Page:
There is much research still to be done on the relationships between sexual orientation, gender identity, body image and eating disorders.
We know that there are many unique stresses that LGBT people experience which can all contribute to the onset or exacerbation of an eating disorder
Daniel Perry has fought eating disorders since he was 15: ”Until very recently eating disorders and body dysmorphia were overlooked by the general public as an issue only faced by white heterosexual women but this is absolutely not true. These issues affect the entire population. We are part of a community already plagued by a multitude of mental health issues really need to focus in on the unique pitfalls of body image and eating disorders that queer people face. As a gay man, I have found that body image issues permeate our entire community. LGBT culture is full of pressures to conform to widely accepted standards dictated by the queer media which is harmful in its lack of realism and diversity when it comes to physical beauty. The lack on non-sexualised spaces in the LGBT community can often be a toxic environment that contributes to young people developing a sense of self-worth rooted in their attractiveness and other people’s validation which is extremely harmful. When we focus in on body image in men who have sex with men alone, 60% are dissatisfied with their body and 62% with their body fat compared to 40% of straight men.Eating disorders and body dysmorphia often develop alongside other mental health coping methods common to our communities such as drug use, self-harming and risky sex. 34% of LGB youth have attempted suicide at least once compared to 18% of heterosexual young people; this rises to a staggering 48% when looking at young trans people which leaves us extremely vulnerable. In order to protect those who are vulnerable in community we need to make mental health a priority by normalizing treatment, removing stigma around talking about our problems, and raise awareness about the reality of how diverse our bodies really are.”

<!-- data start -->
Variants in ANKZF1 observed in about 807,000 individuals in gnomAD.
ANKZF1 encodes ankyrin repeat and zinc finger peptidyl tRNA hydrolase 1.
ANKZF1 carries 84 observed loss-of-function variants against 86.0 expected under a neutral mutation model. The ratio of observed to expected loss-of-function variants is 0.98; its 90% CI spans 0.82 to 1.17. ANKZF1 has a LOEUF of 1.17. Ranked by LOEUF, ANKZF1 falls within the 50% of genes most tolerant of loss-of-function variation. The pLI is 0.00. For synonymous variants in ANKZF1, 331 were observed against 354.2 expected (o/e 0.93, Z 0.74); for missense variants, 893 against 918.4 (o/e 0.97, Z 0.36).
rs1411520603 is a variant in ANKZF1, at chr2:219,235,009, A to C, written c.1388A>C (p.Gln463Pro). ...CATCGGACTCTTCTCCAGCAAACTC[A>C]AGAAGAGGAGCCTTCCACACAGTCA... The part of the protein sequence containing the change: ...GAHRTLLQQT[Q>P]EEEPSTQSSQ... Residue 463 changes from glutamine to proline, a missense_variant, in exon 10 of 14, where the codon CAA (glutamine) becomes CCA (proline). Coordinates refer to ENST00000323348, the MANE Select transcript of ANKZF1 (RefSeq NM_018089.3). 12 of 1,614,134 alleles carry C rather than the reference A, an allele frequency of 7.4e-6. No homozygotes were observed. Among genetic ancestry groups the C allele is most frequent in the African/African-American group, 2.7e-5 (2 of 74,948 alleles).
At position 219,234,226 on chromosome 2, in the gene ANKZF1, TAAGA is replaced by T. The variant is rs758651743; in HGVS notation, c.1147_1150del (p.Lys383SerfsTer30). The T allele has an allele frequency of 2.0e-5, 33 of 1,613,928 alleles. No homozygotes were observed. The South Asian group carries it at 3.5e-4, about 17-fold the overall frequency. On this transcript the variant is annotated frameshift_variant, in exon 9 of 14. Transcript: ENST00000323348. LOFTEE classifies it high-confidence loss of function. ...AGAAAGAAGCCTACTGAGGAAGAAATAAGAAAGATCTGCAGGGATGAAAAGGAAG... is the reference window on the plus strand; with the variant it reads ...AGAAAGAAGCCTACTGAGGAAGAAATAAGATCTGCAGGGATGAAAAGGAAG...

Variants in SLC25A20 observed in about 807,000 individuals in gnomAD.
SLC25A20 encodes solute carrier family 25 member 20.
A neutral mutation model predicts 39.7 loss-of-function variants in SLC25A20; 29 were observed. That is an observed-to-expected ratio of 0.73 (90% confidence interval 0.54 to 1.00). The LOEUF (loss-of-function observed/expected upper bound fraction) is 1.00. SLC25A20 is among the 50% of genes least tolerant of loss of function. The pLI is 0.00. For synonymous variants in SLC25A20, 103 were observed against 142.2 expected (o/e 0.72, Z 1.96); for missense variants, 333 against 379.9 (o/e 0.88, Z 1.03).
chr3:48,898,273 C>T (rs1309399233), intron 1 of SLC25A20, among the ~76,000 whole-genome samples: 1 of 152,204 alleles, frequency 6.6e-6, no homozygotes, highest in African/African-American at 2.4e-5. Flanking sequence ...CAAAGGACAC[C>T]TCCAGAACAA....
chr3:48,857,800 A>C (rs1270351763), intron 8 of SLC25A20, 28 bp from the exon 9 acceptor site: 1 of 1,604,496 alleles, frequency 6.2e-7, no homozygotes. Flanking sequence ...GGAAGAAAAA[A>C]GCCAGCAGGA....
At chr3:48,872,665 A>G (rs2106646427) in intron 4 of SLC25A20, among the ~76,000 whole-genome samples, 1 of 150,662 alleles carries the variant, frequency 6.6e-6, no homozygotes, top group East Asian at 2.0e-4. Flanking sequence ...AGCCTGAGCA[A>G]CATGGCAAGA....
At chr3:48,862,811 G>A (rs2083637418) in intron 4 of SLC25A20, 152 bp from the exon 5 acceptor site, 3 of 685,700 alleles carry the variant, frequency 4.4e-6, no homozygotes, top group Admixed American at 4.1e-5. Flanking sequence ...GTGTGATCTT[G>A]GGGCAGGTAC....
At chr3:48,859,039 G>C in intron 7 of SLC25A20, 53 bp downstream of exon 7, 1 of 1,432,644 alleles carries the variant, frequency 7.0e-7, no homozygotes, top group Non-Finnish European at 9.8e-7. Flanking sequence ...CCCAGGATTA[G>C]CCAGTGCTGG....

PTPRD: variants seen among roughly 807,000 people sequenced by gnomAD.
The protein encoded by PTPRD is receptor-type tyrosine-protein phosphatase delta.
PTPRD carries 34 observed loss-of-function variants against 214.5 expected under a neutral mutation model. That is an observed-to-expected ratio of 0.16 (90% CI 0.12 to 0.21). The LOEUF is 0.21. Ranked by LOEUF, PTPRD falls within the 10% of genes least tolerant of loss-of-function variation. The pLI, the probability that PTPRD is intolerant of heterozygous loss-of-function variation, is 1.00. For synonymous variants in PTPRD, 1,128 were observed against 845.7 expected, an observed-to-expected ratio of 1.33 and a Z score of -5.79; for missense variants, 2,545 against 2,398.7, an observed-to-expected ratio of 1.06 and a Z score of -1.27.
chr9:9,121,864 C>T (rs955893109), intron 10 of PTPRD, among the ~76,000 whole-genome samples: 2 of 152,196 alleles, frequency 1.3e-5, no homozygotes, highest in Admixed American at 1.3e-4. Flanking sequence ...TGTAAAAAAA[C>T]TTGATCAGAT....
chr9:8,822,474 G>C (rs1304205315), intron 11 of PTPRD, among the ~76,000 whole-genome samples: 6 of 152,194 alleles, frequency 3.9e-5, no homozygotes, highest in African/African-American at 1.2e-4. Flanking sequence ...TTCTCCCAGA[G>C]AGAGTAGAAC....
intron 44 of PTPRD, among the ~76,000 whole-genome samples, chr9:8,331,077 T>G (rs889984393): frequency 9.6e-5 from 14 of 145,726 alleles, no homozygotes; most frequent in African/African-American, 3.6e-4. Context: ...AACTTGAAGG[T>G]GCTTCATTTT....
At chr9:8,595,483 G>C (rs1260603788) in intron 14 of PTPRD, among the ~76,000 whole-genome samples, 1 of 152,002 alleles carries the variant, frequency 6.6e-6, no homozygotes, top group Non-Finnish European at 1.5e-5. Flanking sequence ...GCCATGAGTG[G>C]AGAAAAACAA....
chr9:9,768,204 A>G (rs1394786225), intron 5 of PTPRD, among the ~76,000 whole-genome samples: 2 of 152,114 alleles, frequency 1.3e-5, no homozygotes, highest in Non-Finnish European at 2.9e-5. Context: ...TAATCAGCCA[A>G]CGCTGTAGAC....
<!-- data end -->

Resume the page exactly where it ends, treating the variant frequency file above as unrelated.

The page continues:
Event for Eating Disorders Awareness Week
To help challenge the many misunderstandings that exist around anorexia, bulimia, binge eating etc, this free half -day event is open to professionals and LGBT community alike.Speakers from the LGBT community, health professionals and support organisations will be present to help de-bunk the myth that these issues only affect a small section of our society and to offer some ideas of what can work when tackling LGBT body image.
- Friday 26th February 2016 (1- 4pm)
- LGBT Foundation, Number 5 Richmond Street, Manchester M1 3HF
- To reserve your place contact: firstname.lastname@example.org